NEW YORK (AP) — Disappointing corporate earnings kept the stock market in check on Tuesday, leaving indexes little changed in midday trading.
Tenet Healthcare plunged after the hospital operator issued a disappointing outlook for this quarter and said that its third-quarter profit fell, in part because of costs associated with a big acquisition. Delphi Automotive dropped after the company cut its earnings forecast for the year.
The market is still close to record levels after a surge that has put the Standard & Poor's 500 index on track for its best performance since 2009. Stocks have advanced this year as the Federal Reserve kept up its stimulus program to help the U.S. economy recover.
Investors are struggling, however, to find more catalysts to push the market higher. Company earnings may start to flag if economic growth remains in the doldrums, and investors already expect the Fed to keep up its stimulus until at least next year.
"We're going to run out of steam here," said Scott Wren, a senior equity strategist at Wells Fargo Advisors.
The S&P 500 index was down four points, or 0.2 percent, to 1,763 as of 2:19 p.m. Eastern time. The index is eight points below its record close of 1,771, set Oct. 29.
The Dow Jones industrial average was down 10 points, or 0.1 percent, to 15,628. The Nasdaq composite was up three, or 0.1 percent, at 3,940.
Overall, corporate earnings for the third quarter have been better than analysts had forecast.
Earnings for S&P 500 companies are expected to grow by 5.2 percent in the July-to-September period, according to S&P Capital IQ. That's quicker than the 4.9 percent growth recorded in the second quarter and the 2.4 percent growth in the same period a year ago.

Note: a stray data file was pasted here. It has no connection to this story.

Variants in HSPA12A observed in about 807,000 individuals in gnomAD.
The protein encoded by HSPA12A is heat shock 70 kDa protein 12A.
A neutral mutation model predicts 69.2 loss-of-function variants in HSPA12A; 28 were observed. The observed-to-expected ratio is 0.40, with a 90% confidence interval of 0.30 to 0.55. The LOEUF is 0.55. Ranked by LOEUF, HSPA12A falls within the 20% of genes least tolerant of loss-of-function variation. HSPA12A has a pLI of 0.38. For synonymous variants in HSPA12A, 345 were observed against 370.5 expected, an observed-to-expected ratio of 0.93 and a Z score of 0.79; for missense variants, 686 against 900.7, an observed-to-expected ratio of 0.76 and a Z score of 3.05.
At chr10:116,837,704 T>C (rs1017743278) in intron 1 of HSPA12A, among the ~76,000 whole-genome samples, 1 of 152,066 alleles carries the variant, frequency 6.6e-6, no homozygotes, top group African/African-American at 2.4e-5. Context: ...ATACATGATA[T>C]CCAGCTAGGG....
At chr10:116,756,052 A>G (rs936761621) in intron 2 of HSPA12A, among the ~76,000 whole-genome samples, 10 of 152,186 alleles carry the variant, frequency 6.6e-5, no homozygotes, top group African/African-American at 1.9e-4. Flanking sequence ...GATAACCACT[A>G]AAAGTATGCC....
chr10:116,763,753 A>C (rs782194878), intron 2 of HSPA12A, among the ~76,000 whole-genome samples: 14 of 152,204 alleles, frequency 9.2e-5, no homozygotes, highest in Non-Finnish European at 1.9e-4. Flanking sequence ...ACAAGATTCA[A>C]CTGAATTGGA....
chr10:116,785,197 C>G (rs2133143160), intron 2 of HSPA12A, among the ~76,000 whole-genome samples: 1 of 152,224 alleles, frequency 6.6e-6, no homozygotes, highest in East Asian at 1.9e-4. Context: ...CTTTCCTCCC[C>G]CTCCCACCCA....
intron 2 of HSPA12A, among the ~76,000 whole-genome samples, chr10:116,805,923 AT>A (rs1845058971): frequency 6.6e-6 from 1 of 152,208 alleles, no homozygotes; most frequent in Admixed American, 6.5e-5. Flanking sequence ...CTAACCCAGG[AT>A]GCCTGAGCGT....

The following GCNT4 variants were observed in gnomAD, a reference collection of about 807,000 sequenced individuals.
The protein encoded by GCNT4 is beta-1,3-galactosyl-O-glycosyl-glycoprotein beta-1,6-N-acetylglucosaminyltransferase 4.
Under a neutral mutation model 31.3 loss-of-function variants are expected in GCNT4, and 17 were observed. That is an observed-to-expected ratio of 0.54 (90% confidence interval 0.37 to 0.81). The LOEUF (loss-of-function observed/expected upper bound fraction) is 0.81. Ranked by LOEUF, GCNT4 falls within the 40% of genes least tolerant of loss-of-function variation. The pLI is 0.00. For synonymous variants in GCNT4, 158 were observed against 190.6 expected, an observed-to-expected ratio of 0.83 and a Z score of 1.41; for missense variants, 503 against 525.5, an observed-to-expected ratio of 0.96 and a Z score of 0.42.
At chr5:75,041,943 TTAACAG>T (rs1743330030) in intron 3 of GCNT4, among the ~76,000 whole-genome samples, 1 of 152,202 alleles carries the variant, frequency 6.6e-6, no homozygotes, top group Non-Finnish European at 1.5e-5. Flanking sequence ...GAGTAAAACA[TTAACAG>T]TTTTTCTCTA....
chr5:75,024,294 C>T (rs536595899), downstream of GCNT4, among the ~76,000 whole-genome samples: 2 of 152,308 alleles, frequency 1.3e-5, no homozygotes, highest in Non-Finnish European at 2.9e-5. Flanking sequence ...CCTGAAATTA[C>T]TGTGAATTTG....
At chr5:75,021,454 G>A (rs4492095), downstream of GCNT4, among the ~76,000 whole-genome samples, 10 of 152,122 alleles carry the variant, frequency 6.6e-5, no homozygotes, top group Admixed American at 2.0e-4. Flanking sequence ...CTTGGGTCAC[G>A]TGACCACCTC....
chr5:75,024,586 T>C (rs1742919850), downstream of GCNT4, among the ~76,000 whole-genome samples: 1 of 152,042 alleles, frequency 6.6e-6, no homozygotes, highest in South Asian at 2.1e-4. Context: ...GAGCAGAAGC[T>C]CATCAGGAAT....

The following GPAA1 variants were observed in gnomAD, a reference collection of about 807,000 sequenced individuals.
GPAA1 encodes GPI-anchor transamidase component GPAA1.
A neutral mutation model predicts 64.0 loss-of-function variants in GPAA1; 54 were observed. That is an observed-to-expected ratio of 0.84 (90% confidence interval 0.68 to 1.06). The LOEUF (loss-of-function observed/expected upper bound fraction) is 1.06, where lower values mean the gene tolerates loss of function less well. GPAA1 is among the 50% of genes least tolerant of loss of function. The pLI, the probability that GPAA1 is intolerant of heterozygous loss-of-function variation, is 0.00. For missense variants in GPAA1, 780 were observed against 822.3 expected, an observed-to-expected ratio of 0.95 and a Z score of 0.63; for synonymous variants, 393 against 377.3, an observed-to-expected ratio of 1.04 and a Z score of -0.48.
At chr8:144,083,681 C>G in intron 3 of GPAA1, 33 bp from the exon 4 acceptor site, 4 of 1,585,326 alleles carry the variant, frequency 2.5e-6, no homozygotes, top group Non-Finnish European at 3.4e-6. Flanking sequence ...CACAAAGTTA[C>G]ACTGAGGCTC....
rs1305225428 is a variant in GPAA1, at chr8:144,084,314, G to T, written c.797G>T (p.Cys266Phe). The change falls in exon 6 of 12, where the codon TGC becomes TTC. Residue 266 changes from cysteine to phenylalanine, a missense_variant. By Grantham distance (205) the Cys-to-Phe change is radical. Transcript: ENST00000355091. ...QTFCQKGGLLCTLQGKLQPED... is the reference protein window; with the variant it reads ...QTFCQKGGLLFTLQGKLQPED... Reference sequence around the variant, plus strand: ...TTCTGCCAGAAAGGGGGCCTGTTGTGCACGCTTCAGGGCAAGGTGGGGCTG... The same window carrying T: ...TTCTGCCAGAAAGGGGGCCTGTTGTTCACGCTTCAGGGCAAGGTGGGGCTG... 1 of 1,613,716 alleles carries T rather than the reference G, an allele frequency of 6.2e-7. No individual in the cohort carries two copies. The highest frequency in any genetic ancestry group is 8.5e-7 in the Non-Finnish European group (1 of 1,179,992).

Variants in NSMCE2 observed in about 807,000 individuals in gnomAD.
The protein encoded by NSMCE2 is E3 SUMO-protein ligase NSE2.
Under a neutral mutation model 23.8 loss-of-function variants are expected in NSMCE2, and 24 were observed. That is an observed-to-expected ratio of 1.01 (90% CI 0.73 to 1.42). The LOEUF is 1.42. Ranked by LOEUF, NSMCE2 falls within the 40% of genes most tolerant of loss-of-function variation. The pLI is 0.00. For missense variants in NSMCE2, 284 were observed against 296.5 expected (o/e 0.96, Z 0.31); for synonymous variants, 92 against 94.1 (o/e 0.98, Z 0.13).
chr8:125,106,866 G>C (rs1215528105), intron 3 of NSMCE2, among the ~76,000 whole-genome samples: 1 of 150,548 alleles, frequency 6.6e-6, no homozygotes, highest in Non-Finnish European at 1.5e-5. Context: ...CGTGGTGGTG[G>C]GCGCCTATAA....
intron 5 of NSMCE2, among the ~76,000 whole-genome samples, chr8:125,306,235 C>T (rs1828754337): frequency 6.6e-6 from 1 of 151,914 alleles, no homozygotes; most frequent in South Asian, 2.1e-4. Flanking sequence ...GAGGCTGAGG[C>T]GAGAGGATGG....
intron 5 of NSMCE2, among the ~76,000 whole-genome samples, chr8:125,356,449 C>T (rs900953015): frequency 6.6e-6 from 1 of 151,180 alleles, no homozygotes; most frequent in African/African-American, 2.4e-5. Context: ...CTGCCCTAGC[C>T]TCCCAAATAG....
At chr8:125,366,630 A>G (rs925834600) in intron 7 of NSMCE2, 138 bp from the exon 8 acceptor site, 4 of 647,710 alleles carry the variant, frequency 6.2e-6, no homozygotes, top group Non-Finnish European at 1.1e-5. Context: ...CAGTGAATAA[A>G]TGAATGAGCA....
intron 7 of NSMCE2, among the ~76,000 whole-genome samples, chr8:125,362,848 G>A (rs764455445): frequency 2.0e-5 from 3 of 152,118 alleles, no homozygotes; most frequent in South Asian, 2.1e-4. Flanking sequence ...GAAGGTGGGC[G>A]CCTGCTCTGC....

Stocks could struggle to add to their gains, however, now that three-quarters of the S&P 500's earnings reports have been released, said Kristina Hooper, head of U.S. Capital Markets Research & Strategy at Allianz Global Investors. Investors may also be underestimating the impact that last month's 16-day partial government shutdown had on the economy, she said.
"What's concerning is what we're seeing for the fourth quarter," Hooper said. The forecasts companies are making "suggest that we could see some damage from the shutdown."
The overwhelming majority of earnings outlooks that companies have provided for the fourth quarter have been negative. Of the 78 companies that have provided investors with guidance, 60 have lowered their forecasts.
On Tuesday, Tenet dropped $6.60, or 12.6 percent, to $42.20. That decreased the stock's gain this year to 30 percent. Delphi fell $2.87, or 4.9 percent, to $55.17.
Investors are also waiting for the Labor Department's closely watched monthly jobs survey, which was delayed a week by the government shutdown. The report is due out Friday.
In government bond trading, the yield on the 10-year note climbed to 2.65 percent from 2.60 percent on Monday.
The yield rose after a private survey showed that hiring and sales increased in the U.S. services sector last month. They suggests the sector wasn't affected by the partial government shutdown. The report measures growth at companies that employ 90 percent of the workforce, including retail, construction, health care and financial services.
In the commodities markets, the price of oil fell $1.33, or 1.4 percent, to $93.27 a barrel. Gold edged down $5.60, or 0.4 percent, to $1,309.20 an ounce.
Among other stocks making big moves:
— CVS Caremark rose $1.66, or 2.7 percent, to $63.63 after its third-quarter income climbed 25 percent, beating Wall Street expectations. The drugstore operator and pharmacy benefits manager also raised its 2013 earnings forecast.
— Regeneron jumped $19.43, or 6.9 percent, to $301.13 after the pharmaceutical company posted earnings that beat analysts' expectations. The company also reported strong growth of its eye disease drug Eylea.